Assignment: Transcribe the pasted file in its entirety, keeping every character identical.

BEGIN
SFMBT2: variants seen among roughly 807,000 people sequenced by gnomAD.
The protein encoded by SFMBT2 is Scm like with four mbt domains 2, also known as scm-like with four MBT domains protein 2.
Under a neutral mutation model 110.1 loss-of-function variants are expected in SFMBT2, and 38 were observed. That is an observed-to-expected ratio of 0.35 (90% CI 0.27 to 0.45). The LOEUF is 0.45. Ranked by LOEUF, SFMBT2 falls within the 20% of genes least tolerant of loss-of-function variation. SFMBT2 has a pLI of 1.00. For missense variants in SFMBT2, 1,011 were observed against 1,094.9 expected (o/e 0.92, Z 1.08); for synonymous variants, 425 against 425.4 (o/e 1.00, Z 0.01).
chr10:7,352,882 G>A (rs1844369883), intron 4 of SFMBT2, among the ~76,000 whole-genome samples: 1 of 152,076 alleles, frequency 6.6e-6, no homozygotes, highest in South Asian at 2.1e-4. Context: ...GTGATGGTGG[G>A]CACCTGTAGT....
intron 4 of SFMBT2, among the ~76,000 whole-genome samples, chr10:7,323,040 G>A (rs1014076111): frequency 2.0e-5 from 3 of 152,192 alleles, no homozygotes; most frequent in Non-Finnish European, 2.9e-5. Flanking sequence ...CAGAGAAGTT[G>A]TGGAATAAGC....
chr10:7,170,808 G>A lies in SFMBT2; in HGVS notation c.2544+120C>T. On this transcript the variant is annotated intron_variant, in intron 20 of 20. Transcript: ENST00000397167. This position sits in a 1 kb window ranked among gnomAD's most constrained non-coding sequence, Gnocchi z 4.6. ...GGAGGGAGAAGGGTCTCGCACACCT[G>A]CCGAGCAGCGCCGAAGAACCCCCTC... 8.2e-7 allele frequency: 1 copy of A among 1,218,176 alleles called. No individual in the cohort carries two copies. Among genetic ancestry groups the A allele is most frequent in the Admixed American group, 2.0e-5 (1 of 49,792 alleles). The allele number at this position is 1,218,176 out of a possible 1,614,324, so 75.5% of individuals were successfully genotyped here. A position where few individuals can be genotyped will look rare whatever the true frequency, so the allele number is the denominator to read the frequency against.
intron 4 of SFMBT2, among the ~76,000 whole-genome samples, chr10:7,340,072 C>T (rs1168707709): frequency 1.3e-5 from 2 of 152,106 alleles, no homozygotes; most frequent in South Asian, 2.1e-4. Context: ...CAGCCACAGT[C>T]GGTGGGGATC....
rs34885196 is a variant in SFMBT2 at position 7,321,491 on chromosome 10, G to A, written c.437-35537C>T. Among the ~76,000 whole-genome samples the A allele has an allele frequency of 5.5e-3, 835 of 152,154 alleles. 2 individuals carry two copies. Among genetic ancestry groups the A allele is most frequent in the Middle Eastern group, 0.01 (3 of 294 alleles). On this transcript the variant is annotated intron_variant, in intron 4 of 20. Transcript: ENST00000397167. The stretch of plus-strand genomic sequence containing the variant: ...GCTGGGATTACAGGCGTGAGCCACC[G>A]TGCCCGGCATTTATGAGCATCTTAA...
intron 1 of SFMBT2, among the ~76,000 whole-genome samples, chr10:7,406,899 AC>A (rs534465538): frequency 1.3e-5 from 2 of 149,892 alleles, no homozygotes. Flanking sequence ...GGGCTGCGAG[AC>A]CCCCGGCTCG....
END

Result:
SFMBT2: variants seen among roughly 807,000 people sequenced by gnomAD.
The protein encoded by SFMBT2 is Scm like with four mbt domains 2, also known as scm-like with four MBT domains protein 2.
Under a neutral mutation model 110.1 loss-of-function variants are expected in SFMBT2, and 38 were observed. That is an observed-to-expected ratio of 0.35 (90% CI 0.27 to 0.45). The LOEUF is 0.45. Ranked by LOEUF, SFMBT2 falls within the 20% of genes least tolerant of loss-of-function variation. SFMBT2 has a pLI of 1.00. For missense variants in SFMBT2, 1,011 were observed against 1,094.9 expected (o/e 0.92, Z 1.08); for synonymous variants, 425 against 425.4 (o/e 1.00, Z 0.01).
chr10:7,352,882 G>A (rs1844369883), intron 4 of SFMBT2, among the ~76,000 whole-genome samples: 1 of 152,076 alleles, frequency 6.6e-6, no homozygotes, highest in South Asian at 2.1e-4. Context: ...GTGATGGTGG[G>A]CACCTGTAGT....
intron 4 of SFMBT2, among the ~76,000 whole-genome samples, chr10:7,323,040 G>A (rs1014076111): frequency 2.0e-5 from 3 of 152,192 alleles, no homozygotes; most frequent in Non-Finnish European, 2.9e-5. Flanking sequence ...CAGAGAAGTT[G>A]TGGAATAAGC....
chr10:7,170,808 G>A lies in SFMBT2; in HGVS notation c.2544+120C>T. On this transcript the variant is annotated intron_variant, in intron 20 of 20. Transcript: ENST00000397167. This position sits in a 1 kb window ranked among gnomAD's most constrained non-coding sequence, Gnocchi z 4.6. ...GGAGGGAGAAGGGTCTCGCACACCT[G>A]CCGAGCAGCGCCGAAGAACCCCCTC... 8.2e-7 allele frequency: 1 copy of A among 1,218,176 alleles called. No individual in the cohort carries two copies. Among genetic ancestry groups the A allele is most frequent in the Admixed American group, 2.0e-5 (1 of 49,792 alleles). The allele number at this position is 1,218,176 out of a possible 1,614,324, so 75.5% of individuals were successfully genotyped here. A position where few individuals can be genotyped will look rare whatever the true frequency, so the allele number is the denominator to read the frequency against.
intron 4 of SFMBT2, among the ~76,000 whole-genome samples, chr10:7,340,072 C>T (rs1168707709): frequency 1.3e-5 from 2 of 152,106 alleles, no homozygotes; most frequent in South Asian, 2.1e-4. Context: ...CAGCCACAGT[C>T]GGTGGGGATC....
rs34885196 is a variant in SFMBT2 at position 7,321,491 on chromosome 10, G to A, written c.437-35537C>T. Among the ~76,000 whole-genome samples the A allele has an allele frequency of 5.5e-3, 835 of 152,154 alleles. 2 individuals carry two copies. Among genetic ancestry groups the A allele is most frequent in the Middle Eastern group, 0.01 (3 of 294 alleles). On this transcript the variant is annotated intron_variant, in intron 4 of 20. Transcript: ENST00000397167. The stretch of plus-strand genomic sequence containing the variant: ...GCTGGGATTACAGGCGTGAGCCACC[G>A]TGCCCGGCATTTATGAGCATCTTAA...
intron 1 of SFMBT2, among the ~76,000 whole-genome samples, chr10:7,406,899 AC>A (rs534465538): frequency 1.3e-5 from 2 of 149,892 alleles, no homozygotes. Flanking sequence ...GGGCTGCGAG[AC>A]CCCCGGCTCG....